Last week was the anniversary of the death of Jean-Baptiste Lully, who died in 1687. A French composer of the Baroque Period, he was also one of the world's first conductors. And the job killed him.
No, seriously. Here's how it happened, and immediately qualified him for music history's first and, still probably best, Darwin Award.
He was conducting a performance of his Te Deum at a celebration of Louis XIV's recovery from surgery (irony alert). In those days, a conductor's baton was actually a long staff--somewhat similar to a mace like you would see a ceremonial drum major carry today in a military band. They kept time by banging the pointed end of the staff on the stage floor, which ultimately led to the creation of Dr. Beat...but that's another tragic story.
In his excitement, at one point Lully missed the stage and instead struck his toe. The wound developed gangrene, but Lully refused to have his leg amputated because he still wanted to be able to enjoy dancing. He died of blood poisoning in two months.
Fortunately, thanks to new advancements in modern baton technology, this is less of a problem.
about to dive into a time of year that, in all seriousness, can be
hazardous to our health as music educators, festival organizers and
travel planners. It is perhaps our busiest and most stressful time of
year, and I have experienced it in all three of those vocations.
music educators, we are simultaneously managing such things as solo and
small ensemble contest, production of spring musicals, preparing for
spring large ensemble festival and final concerts, submitting
ever-shrinking budgets for the following school year, fighting over the
calendar for the same coming school year, coordination of music for
numerous end of year celebrations, possibly embarking on a spring tour,
researching summer music camp options for our most dedicated students,
hiring summer band camp staff, and finalizing and promoting multiple
fundraising efforts to even be able to afford it all.
travel planners, this is the point where everything you have been
working on for the past 12 months or more comes to fruition in the span
of three months of long days and short, sometimes worry-filled nights.
Will a bus break down in the middle of Nebraska? Will that blizzard hit
Denver and shut down the airport at the same time six groups are trying
to fly to both coasts? Will that hotel forget about the 200-member group
The festival organizer has similar
worries. Will an adjudicator get the flu the night before the contest?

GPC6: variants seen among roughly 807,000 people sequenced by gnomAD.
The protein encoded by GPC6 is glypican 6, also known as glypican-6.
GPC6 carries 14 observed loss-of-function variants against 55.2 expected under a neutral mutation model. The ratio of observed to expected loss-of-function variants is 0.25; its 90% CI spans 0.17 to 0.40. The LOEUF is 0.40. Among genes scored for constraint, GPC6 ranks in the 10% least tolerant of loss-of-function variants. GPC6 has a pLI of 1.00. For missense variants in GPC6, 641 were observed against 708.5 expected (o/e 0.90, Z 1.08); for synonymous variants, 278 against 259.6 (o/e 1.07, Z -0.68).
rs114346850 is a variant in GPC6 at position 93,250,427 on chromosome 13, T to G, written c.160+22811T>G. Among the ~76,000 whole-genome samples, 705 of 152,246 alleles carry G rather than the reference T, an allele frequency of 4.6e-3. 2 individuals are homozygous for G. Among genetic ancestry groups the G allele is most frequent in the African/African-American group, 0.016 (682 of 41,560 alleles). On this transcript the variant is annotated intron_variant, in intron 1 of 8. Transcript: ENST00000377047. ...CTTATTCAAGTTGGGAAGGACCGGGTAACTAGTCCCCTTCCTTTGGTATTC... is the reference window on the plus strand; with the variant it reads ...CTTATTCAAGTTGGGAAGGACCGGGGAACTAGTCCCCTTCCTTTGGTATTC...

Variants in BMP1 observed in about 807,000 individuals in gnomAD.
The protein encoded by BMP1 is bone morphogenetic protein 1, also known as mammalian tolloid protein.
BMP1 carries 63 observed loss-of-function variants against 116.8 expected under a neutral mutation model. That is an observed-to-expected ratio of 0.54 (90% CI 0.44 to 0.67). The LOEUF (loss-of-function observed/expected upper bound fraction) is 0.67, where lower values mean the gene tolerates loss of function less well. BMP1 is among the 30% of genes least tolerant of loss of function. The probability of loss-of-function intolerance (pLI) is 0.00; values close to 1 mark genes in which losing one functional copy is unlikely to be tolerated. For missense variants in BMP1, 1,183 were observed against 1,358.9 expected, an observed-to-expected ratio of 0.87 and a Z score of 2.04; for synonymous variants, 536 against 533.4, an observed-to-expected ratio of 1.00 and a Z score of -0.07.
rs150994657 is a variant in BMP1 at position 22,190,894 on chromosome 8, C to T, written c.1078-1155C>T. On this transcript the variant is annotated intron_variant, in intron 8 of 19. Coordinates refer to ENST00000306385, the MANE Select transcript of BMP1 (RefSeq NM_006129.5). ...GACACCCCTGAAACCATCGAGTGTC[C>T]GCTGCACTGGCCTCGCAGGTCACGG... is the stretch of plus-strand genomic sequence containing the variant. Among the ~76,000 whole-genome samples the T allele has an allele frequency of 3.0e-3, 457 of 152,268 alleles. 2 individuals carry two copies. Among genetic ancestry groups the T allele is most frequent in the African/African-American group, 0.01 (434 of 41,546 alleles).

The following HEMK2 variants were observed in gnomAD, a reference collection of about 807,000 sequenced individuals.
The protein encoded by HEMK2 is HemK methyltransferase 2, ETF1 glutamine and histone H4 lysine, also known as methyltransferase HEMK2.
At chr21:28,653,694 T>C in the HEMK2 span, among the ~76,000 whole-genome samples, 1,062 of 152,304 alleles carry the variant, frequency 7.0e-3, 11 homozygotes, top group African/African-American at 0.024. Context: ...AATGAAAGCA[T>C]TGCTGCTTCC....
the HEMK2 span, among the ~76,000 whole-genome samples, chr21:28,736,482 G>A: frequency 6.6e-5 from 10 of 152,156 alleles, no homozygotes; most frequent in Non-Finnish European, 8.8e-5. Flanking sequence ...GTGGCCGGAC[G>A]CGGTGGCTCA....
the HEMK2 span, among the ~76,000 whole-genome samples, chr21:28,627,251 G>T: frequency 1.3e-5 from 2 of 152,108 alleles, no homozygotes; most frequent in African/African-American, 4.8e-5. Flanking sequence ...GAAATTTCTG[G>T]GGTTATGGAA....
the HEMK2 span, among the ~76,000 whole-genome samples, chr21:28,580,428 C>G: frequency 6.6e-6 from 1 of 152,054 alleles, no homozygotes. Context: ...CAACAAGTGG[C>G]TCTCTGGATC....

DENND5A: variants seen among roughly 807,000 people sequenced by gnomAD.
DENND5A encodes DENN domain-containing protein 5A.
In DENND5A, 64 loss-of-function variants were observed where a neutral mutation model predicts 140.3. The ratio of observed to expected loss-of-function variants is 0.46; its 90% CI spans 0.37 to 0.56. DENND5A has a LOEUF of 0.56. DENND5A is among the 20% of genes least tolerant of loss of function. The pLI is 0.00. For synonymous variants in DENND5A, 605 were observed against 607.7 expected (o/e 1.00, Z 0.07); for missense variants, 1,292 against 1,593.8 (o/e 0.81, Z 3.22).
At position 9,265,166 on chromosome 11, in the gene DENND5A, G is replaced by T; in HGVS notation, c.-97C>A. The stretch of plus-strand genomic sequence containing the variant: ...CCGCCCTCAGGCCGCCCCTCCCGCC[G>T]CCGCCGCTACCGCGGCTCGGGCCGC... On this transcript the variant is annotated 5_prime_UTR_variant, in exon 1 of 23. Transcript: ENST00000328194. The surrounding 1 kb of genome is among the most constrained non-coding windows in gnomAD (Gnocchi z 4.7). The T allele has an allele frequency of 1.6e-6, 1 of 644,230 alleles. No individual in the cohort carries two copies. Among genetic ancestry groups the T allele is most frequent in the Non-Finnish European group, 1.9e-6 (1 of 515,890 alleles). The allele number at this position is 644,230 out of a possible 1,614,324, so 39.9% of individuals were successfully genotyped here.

Will the trophies arrive at the right place? I'm finding this is where
the internal conversation of "festival organizer OCD" kicks into high
gear. ("Did you order those four timpani to be delivered? Better check. Are you sure? Better check again.")
all of this is one simple truth--we are this way because we want these
experiences to be the best possible. We're all artists and we're wired
for nothing less than excellence. If there is anything I've finally
learned after 25 years experiencing the spring rush in these vocations,
it comes down to two things.
First--be kind to yourself.
- Take breaks--mental and physical--when you can. Preferably away from a computer screen.
- Don't be afraid to ask for help.
- Eat well, even (and especially) when you're on the road. I force myself to order salad more when I'm away from home.
well, or at least as best as you can. I've started using a sleep mask,
and besides feeding my inner super hero it works wonders.
This in my opinion is the world's best stress buster. We have a
treadmill here that just recently broke down after 12 years of almost
daily use. (Yeah, bad timing on that.) It has probably saved me more
than I know.
- Find a fun stress buster. One year during a
particularly rough spring I got really good at Tiger Woods Golf on our
Nintendo Wii. (Sadly the skill does not transfer into reality.)
when you mess up (and you will), simply this--take responsibility and
own the problem. People will respect you infinitely more, and hiding it
and being found out makes you feel infinitely worse. Then whenever
possible fix the problem, because nothing feels better than that. Then
Second--be kind to those around you.
And, hopefully unlike Lully, you'll live to dance another day.
- Remember you're working together toward the same goals.
- Remember to take care of each other.
- Say "please" and "thank you". A lot.
- A fun little surprise will make you both feel better.
- Find the humor in the everyday. Laugh about the ridiculous things that happen. Because they do.
when someone else messes up (and they will), simply this--don't waste
time playing the blame game. Focus on solving the problem. Give kindness
and service, because nothing feels better than that. Figure out how to
make it better the next time.Then move on.